From one of our foremost thinkers and public intellectuals, a radical new view of the nature of time and the cosmos. What is time? This deceptively simple question is the single most important problem facing science as we probe more deeply into the fundamentals of the universe. All of the mysteries physicists and cosmologists face--from the Big Bang to the future of the universe, from the puzzles of quantum physics to the unification of forces and particles--come down to the nature of time. The fact that time is real may seem obvious. You experience it passing every day when you watch clocks tick, bread toast, and children grow. But most physicists, from Newton to Einstein to today's quantum theorists, have seen things differently. The scientific case for time being an illusion is formidable. That is why the consequences of adopting the view that time is real are revolutionary. Lee Smolin, author of the controversial bestseller The Trouble with Physics, argues that a limited notion of time is holding physics back. It's time for a major revolution in scientific thought. The reality of time could be the key to the next big breakthrough in theoretical physics. What if the laws of physics themselves were not timeless? What if they could evolve? Time Reborn offers a radical new approach to cosmology that embraces the reality of time and opens up a whole new universe of possibilities. There are few ideas that, like our notion of time, shape our thinking about literally everything, with huge implications for physics and beyond--from climate change to the economic crisis. Smolin explains in lively and lucid prose how the true nature of time impacts our world. Staff review: Lee Smolin is the guy to turn to for arguments that time is not an illusion, and that physics is stuck because we don't understand it.
by Pedro G. Ferreira
At the core of Einstein's general theory of relativity are a set of equations that explain the relationship among gravity, space, and time--possibly the most perfect intellectual achievement of modern physics. For over a century, physicists have been exploring, debating, and at times neglecting Einstein's theory in their quest to uncover the history of the universe, the origin of time, and the evolution of solar systems, stars, and galaxies. In this sweeping narrative of science and culture, Pedro Ferreira explains the theory through the human drama surrounding it: the personal feuds and intellectual battles of the biggest names in twentieth-century physics, from Einstein and Eddington to Hawking and Penrose. We are in the midst of a momentous transformation in modern physics. As scientists look farther and more clearly into space than ever before, The Perfect Theory engagingly reveals the greater relevance of general relativity, showing us where it started, where it has led, and where it can still take us. Staff review: A great book about the history of General Relativity, full of new insights about the theory as well as the people.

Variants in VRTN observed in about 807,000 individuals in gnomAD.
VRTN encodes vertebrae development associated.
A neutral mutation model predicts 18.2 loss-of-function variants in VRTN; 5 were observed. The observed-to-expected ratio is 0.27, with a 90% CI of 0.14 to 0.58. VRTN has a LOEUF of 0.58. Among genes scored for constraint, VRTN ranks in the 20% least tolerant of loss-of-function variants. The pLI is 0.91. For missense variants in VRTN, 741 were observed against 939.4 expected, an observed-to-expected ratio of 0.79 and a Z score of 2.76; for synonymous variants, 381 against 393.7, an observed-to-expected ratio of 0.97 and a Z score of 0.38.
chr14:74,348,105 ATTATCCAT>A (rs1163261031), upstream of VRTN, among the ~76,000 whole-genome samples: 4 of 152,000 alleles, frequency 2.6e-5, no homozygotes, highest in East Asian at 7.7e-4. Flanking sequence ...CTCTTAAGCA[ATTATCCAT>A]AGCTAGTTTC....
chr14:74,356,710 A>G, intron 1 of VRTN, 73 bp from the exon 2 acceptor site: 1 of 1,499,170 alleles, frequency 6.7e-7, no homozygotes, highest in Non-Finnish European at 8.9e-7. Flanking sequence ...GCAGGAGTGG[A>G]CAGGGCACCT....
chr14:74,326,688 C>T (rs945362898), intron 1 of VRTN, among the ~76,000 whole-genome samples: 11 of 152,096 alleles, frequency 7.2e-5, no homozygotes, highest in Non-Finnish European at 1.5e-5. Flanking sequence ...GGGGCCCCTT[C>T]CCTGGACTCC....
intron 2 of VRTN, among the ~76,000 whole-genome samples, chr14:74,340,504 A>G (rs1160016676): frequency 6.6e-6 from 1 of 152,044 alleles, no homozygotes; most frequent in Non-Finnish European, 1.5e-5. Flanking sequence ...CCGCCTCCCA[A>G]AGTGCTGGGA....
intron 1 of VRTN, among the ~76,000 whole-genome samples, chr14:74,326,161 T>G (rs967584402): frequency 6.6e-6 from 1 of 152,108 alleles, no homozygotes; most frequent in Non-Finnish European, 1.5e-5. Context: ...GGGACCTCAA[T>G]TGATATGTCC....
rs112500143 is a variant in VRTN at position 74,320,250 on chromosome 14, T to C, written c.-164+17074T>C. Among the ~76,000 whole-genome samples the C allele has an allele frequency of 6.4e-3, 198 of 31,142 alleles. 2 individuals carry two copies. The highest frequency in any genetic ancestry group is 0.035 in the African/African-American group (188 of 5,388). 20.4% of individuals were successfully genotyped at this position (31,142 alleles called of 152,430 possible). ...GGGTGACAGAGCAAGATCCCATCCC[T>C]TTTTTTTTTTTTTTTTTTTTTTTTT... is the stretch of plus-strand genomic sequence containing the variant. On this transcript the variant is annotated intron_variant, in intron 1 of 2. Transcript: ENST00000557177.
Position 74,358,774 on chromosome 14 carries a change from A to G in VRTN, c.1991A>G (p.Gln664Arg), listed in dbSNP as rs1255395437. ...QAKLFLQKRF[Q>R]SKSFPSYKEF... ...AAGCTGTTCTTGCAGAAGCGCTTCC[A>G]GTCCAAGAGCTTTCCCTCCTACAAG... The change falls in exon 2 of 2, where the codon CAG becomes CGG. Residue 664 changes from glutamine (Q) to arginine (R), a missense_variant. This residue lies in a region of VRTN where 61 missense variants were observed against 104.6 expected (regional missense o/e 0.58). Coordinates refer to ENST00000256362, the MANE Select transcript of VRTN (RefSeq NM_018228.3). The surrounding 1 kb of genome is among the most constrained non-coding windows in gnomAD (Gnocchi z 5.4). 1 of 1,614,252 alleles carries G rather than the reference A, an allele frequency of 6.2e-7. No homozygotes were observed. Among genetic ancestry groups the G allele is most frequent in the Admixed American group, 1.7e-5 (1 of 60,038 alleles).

The Science of Interstellar by Kip Thorn
Interstellar, from acclaimed filmmaker Christopher Nolan, takes us on a fantastic voyage far beyond our solar system. Yet in The Science of Interstellar, Kip Thorne, the physicist who assisted Nolan on the scientific aspects of Interstellar, shows us that the movie's jaw-dropping events and stunning, never-before-attempted visuals are grounded in real science. Thorne shares his experiences working as the science adviser on the film and then moves on to the science itself. In chapters on wormholes, black holes, interstellar travel, and much more, Thorne's scientific insights many of them triggered during the actual scripting and shooting of Interstellar, describe the physical laws that govern our universe and the truly astounding phenomena that those laws make possible. Staff review: Kip Thorne was the science consultant for the movie, and he's also one of the top experts on relativity and worm-holes. It's lot's of fun, and well grounded and speculative, with great pictures.